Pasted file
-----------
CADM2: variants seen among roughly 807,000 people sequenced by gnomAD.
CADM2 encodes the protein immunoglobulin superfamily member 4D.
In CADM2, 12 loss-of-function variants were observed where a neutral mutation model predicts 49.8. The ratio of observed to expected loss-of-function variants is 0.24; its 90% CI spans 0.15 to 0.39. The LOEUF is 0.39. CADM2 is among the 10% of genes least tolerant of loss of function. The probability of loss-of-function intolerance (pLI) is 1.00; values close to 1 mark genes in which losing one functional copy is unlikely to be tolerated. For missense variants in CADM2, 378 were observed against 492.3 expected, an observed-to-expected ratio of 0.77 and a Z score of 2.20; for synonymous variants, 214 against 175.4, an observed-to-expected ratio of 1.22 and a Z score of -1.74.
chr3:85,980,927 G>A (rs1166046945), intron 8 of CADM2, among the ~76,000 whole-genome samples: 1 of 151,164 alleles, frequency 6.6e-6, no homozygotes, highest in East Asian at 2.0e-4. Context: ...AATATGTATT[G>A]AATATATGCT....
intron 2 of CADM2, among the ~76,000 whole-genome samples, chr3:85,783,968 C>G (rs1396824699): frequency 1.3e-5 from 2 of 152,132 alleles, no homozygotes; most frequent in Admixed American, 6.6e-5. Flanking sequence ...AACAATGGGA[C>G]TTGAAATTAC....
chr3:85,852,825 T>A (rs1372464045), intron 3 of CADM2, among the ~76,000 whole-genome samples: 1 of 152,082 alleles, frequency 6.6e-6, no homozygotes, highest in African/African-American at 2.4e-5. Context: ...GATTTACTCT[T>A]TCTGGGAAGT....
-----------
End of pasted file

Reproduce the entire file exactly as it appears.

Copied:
CADM2: variants seen among roughly 807,000 people sequenced by gnomAD.
CADM2 encodes the protein immunoglobulin superfamily member 4D.
In CADM2, 12 loss-of-function variants were observed where a neutral mutation model predicts 49.8. The ratio of observed to expected loss-of-function variants is 0.24; its 90% CI spans 0.15 to 0.39. The LOEUF is 0.39. CADM2 is among the 10% of genes least tolerant of loss of function. The probability of loss-of-function intolerance (pLI) is 1.00; values close to 1 mark genes in which losing one functional copy is unlikely to be tolerated. For missense variants in CADM2, 378 were observed against 492.3 expected, an observed-to-expected ratio of 0.77 and a Z score of 2.20; for synonymous variants, 214 against 175.4, an observed-to-expected ratio of 1.22 and a Z score of -1.74.
chr3:85,980,927 G>A (rs1166046945), intron 8 of CADM2, among the ~76,000 whole-genome samples: 1 of 151,164 alleles, frequency 6.6e-6, no homozygotes, highest in East Asian at 2.0e-4. Context: ...AATATGTATT[G>A]AATATATGCT....
intron 2 of CADM2, among the ~76,000 whole-genome samples, chr3:85,783,968 C>G (rs1396824699): frequency 1.3e-5 from 2 of 152,132 alleles, no homozygotes; most frequent in Admixed American, 6.6e-5. Flanking sequence ...AACAATGGGA[C>G]TTGAAATTAC....
chr3:85,852,825 T>A (rs1372464045), intron 3 of CADM2, among the ~76,000 whole-genome samples: 1 of 152,082 alleles, frequency 6.6e-6, no homozygotes, highest in African/African-American at 2.4e-5. Context: ...GATTTACTCT[T>A]TCTGGGAAGT....